Posted by Rojas @ 11:40 pm on July 11th 2008

Phil Gramm is correct

As is my tradition here, I find myself compelled to defend the indefensible. In this case, Phil Gramm’s comments regarding America’s economic hardship.

Gramm–who himself holds a Doctorate in Economics–has managed to get himself and the entire McCain campaign in trouble with his spectacularly impolitic remarks regarding the American economy. Specifically:

“You’ve heard of mental depression; this is a mental recession,” Gramm told the Times. He noted that growth has held up at about 1 percent despite all the publicity over losing jobs to India, China, illegal immigration, housing and credit problems and record oil prices. “We may have a recession; we haven’t had one yet.”

I’ll begin by granting that this is not the sort of comment which is likely to help any politician electorally, and by recognizing that Barack Obama cleanly “won” the news cycle on the issue. But as ever, I find myself bothered by the nagging question: is the speaker actually incorrect?

In point of fact, he isn’t. At all.

This is a matter that’s been bothering me for some time. Ours has become a culture which venerates public opinion to an almost ridiculous extent, even at times reaching the point where we see it as trumping actual fact. It seems that a week doesn’t go by that I don’t witness some kind of inane survey or poll regarding the question: Is the United States in a recession?

The point, of course, is that the question of whether the United States is in a recession or not is not subject to public opinion, for the simple reason that a recession is a reasonably precise economic term which can be empirically measured. If the United States economy enters a period of negative economic growth for an extended period of time (usually two quarters or longer) as measured by the National Bureau of Economic Research, the US is in a recession. If it does not, it is not. Period. Gramm’s point, which is stated quite plainly, is that the US is not, definitionally, in a recession, and to argue otherwise is a matter not of compassion or of politics, but of simple ignorance. We don’t get to pick facts.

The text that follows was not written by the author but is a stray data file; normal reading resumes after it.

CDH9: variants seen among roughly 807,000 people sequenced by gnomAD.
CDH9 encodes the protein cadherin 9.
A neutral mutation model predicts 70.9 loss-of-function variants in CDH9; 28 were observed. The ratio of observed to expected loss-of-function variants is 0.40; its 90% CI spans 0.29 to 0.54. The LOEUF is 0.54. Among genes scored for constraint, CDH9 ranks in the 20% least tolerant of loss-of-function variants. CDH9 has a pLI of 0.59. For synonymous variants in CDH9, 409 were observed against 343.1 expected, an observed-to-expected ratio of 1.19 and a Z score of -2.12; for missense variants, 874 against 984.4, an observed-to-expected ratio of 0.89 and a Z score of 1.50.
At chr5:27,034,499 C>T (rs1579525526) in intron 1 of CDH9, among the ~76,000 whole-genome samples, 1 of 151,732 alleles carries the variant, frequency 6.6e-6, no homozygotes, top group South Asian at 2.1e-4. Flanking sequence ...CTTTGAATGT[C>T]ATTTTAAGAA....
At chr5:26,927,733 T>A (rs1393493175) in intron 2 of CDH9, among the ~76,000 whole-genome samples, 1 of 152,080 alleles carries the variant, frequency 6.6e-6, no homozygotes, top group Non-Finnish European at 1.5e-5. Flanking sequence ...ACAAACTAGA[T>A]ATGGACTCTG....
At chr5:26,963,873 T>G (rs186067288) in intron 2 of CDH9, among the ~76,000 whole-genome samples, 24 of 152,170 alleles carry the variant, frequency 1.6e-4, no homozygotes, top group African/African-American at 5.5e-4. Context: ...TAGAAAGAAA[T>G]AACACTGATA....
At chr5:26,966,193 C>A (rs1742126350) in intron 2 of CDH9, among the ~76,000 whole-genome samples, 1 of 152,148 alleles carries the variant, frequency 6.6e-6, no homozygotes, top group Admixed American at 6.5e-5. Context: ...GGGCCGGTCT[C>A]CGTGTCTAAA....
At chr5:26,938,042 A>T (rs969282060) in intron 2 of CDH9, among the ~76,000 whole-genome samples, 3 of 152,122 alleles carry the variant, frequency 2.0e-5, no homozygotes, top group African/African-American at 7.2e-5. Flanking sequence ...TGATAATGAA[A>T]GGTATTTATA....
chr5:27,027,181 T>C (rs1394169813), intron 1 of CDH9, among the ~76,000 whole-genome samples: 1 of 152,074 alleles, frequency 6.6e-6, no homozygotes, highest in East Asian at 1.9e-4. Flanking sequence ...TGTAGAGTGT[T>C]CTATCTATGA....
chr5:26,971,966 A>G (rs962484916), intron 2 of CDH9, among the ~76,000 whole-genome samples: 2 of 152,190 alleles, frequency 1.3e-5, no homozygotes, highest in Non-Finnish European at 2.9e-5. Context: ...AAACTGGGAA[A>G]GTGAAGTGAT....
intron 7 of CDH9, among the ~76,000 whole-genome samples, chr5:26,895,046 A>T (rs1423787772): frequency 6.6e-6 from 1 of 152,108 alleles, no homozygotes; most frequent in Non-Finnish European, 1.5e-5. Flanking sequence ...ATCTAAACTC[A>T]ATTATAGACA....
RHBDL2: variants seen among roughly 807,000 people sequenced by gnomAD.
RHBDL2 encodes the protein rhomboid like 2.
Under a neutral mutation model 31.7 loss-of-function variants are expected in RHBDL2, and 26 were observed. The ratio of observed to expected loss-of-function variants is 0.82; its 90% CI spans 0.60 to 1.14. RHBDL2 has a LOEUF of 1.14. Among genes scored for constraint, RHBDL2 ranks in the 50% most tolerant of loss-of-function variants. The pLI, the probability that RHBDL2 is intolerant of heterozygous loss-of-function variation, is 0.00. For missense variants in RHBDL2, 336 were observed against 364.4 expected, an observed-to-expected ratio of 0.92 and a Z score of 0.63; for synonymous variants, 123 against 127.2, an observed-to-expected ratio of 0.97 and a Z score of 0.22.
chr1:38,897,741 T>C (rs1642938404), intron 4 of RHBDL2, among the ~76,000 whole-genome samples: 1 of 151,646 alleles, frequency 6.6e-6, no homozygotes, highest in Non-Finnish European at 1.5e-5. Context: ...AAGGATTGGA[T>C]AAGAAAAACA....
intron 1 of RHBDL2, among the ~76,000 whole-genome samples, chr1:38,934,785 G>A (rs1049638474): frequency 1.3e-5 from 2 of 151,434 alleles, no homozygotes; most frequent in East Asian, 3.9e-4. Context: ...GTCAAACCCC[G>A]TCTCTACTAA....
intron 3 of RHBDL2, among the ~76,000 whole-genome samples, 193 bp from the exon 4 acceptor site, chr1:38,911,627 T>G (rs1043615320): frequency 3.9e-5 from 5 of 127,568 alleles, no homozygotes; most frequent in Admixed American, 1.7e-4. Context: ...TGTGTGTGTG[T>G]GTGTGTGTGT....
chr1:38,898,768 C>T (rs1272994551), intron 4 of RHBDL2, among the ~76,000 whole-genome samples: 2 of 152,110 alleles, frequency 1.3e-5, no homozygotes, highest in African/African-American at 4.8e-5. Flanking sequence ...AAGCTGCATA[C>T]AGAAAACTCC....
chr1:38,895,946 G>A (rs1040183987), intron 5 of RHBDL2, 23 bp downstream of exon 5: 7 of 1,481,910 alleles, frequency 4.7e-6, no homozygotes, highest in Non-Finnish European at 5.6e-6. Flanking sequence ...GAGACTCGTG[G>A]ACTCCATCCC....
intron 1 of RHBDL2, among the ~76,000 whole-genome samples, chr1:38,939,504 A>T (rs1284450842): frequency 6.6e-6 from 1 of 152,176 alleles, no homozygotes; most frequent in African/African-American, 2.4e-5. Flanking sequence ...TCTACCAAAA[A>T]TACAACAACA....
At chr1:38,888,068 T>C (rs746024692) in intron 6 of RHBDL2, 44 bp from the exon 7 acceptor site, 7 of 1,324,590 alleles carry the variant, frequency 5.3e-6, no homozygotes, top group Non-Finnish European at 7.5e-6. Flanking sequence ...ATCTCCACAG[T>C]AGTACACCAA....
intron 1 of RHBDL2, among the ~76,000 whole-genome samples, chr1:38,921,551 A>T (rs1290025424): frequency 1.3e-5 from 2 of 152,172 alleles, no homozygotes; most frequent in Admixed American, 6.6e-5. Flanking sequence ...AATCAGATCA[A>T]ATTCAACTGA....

Of course, the armies of compassion have hopped on Gramm’s comments as being somehow insensitive to people who are undergoing hard economic times. I find this ludicrous. At no point does Gramm deny that economic hardship can occur during a time of economic growth. Nor does Gramm assert that the economy is healthy on the whole; indeed, Gramm’s dedication to such long-term economic concerns as deficit reduction and entitlement reform suggest that he has a better grasp of the real dangers to our economy than most of those who are complaining about his comments.

If Gramm is guilty of anything, it is of asserting that the American people as a whole ought to toughen up a bit where their present economic “hardship” is concerned. George Will makes the same point at the 4:00 mark of this clip from his recent Charlie Rose interview:

I think our pain threshold has become so low that we are in danger of becoming the crybabies of the western world. Today, the American people believe we’re in a recession; we’re not. A recession is serviceably defined as two consecutive quarters of economic contraction; the last quarter we grew yet again. Not enough, but we grew. Today we have an unemployment rate of five percent. The postwar era average is 5.6 percent. The economy is not in terrible shape.

Gramm and Will don’t tell the whole story, but on its own merits I find their argument persuasive. A middle class American, whether employed or not, whether indebted or not, enjoys a standard of living superior to 99% of the historic population of this planet and 95% of human beings alive today. As severe as the long-term problems confronting our economy are, the present status of the economy does not justify the crisis rhetoric fostered by the media and by politicians of both parties.

Phil Gramm is guilty of nothing more than speaking inconvenient truths. It is a damn shame to see the whole internet flocking to bash him for it. I’d like to think that our respect for facts would exist independent of their political utility.

1 Comment »

  1. I have been trying to explain this very thing to people for a long time.

    Comment by James — 7/12/2008 @ 1:37 pm

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